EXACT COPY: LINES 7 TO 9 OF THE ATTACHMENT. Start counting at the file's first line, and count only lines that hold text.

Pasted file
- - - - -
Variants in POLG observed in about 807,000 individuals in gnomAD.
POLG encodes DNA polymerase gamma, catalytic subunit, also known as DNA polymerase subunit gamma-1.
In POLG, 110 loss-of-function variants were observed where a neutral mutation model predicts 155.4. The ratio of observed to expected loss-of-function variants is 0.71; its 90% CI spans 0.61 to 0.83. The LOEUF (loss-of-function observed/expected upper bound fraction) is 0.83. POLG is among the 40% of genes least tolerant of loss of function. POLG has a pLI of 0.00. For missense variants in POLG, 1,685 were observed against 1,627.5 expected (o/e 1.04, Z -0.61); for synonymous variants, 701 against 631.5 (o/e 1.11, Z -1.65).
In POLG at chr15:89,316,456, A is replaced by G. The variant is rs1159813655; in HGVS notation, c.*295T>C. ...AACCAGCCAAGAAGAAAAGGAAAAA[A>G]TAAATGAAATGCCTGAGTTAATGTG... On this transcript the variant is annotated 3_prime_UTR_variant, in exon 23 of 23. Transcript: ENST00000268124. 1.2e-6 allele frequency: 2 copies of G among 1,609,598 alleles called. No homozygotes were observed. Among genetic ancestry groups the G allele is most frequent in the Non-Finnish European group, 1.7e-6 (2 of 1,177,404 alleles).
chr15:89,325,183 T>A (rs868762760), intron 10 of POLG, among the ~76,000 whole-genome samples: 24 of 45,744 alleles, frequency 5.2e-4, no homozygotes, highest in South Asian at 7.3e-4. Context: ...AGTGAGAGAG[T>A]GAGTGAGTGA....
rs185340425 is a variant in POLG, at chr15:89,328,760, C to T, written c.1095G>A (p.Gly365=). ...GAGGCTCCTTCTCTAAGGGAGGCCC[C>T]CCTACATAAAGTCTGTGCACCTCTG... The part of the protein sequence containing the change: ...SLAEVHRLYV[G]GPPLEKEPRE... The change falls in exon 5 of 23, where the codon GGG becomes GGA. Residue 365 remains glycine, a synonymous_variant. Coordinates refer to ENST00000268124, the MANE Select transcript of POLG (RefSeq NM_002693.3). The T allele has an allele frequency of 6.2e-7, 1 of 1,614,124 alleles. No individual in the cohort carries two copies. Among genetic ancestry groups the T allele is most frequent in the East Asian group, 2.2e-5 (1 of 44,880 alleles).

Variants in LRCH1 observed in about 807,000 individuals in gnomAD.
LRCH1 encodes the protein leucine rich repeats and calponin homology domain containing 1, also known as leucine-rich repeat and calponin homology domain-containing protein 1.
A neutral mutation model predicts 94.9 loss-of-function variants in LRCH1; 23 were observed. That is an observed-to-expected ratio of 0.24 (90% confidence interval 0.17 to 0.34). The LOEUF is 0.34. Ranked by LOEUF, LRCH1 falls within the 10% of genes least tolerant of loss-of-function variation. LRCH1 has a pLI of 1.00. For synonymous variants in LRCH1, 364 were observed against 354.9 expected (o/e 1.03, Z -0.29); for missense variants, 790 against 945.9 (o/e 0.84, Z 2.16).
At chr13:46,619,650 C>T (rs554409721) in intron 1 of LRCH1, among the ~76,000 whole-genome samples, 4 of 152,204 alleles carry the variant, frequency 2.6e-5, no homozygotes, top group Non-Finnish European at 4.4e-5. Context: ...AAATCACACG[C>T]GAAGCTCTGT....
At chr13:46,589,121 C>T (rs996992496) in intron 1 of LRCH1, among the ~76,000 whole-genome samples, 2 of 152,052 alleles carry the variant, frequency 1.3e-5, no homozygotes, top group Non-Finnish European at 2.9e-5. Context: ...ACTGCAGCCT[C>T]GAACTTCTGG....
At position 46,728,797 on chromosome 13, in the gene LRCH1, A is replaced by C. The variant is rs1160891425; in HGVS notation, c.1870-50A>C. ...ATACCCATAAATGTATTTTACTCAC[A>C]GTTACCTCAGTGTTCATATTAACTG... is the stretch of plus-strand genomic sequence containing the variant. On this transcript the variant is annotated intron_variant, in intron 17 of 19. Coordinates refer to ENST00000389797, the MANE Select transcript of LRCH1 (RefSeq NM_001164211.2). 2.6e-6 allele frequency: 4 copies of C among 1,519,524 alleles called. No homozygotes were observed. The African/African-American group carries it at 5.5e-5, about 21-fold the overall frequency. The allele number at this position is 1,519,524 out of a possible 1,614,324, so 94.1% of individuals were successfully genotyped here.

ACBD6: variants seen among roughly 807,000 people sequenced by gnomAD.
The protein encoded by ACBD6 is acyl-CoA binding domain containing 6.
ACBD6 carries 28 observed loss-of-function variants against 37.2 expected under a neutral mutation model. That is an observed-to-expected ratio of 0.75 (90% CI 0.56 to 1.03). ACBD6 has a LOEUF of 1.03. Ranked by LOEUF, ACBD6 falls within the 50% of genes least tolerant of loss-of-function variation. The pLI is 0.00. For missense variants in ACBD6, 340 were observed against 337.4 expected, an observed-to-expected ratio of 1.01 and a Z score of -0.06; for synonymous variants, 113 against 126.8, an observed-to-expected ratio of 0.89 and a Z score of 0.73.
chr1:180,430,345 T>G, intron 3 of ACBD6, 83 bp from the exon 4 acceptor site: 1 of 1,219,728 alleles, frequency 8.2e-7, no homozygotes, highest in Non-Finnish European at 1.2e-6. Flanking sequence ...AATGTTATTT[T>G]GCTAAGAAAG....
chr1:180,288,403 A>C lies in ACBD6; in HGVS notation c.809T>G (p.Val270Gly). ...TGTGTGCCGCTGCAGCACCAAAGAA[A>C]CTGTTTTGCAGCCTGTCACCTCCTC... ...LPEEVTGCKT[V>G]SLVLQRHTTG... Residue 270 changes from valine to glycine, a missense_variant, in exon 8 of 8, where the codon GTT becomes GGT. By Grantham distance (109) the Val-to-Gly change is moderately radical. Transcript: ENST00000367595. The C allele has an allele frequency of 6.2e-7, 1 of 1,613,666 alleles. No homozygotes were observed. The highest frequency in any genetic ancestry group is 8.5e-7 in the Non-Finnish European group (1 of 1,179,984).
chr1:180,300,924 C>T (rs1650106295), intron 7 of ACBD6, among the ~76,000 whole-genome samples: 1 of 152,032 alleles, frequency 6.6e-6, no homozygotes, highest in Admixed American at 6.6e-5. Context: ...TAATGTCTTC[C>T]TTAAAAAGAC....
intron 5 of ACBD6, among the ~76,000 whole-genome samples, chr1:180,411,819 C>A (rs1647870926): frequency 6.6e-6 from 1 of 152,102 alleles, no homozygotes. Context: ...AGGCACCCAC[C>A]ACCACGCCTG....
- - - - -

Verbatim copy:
Variants in LRCH1 observed in about 807,000 individuals in gnomAD.
LRCH1 encodes the protein leucine rich repeats and calponin homology domain containing 1, also known as leucine-rich repeat and calponin homology domain-containing protein 1.
A neutral mutation model predicts 94.9 loss-of-function variants in LRCH1; 23 were observed. That is an observed-to-expected ratio of 0.24 (90% confidence interval 0.17 to 0.34). The LOEUF is 0.34. Ranked by LOEUF, LRCH1 falls within the 10% of genes least tolerant of loss-of-function variation. LRCH1 has a pLI of 1.00. For synonymous variants in LRCH1, 364 were observed against 354.9 expected (o/e 1.03, Z -0.29); for missense variants, 790 against 945.9 (o/e 0.84, Z 2.16).